Joseph Tate and Nicole Gill: How Information Governance Impacts the E-Discovery Process

Extract from Joseph Tate and Nicole Gill’s article “How Information Governance Impacts the E-Discovery Process”

As data volumes and sources continue to expand and proliferate, a robust information governance model and process is a vital underpinning of an efficient e-discovery process. Information governance, generally, provides a framework of policies and procedures by which organizations manage their information and data. Since the core of e-discovery includes the identification, preservation, and collection of an organization’s data, it follows that the two areas could not be more intertwined and dependent on one another.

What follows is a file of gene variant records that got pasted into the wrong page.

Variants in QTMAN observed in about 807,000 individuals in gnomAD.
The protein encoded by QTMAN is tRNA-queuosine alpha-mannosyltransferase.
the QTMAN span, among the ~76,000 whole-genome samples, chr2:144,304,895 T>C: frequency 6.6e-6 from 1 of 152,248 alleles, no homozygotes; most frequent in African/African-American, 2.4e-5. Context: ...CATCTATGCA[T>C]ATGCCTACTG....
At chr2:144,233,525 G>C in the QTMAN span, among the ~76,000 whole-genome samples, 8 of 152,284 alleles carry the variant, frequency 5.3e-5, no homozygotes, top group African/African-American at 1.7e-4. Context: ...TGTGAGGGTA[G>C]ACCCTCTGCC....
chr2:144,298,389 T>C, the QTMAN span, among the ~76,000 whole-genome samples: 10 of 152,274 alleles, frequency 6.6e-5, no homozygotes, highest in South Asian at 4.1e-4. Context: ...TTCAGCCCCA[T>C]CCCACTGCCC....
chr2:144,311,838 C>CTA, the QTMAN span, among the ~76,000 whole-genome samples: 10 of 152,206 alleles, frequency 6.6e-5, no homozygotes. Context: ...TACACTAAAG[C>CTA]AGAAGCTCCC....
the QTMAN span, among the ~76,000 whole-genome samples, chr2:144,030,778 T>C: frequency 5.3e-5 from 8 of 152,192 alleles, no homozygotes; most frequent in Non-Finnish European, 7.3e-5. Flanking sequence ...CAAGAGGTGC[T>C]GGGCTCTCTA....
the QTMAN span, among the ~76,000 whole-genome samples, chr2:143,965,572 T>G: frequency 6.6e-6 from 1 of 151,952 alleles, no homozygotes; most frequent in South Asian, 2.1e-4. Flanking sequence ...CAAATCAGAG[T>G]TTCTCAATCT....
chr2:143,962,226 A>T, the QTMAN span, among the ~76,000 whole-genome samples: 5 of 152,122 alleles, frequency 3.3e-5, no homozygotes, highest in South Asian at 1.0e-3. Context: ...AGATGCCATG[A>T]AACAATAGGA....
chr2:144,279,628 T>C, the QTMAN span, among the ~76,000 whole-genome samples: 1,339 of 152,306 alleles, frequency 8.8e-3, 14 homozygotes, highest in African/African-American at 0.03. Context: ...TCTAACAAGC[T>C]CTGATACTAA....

As the e-discovery lifecycle has matured, information governance has taken on a more prominent and important role as the foundational stage of the process. For example, when the electronic discovery reference model (EDRM) was first conceived in 2005 by George Socha and Tom Gelbman, the preliminary first draft of the model began at the “identification” stage. The authors, however, quickly (and astutely) added a “records management” stage in the later 2005 through the first 2007 versions. In the 2007 and 2009 versions, the model was adjusted to include an “information management” stage, and by the 2014 version, the model evolved to include “information governance” as the first stage. Fast forward to today, and there is now a fourth version, the standalone information governance reference model (IGRM).  See EDRM, “Information Governance Reference Model.”

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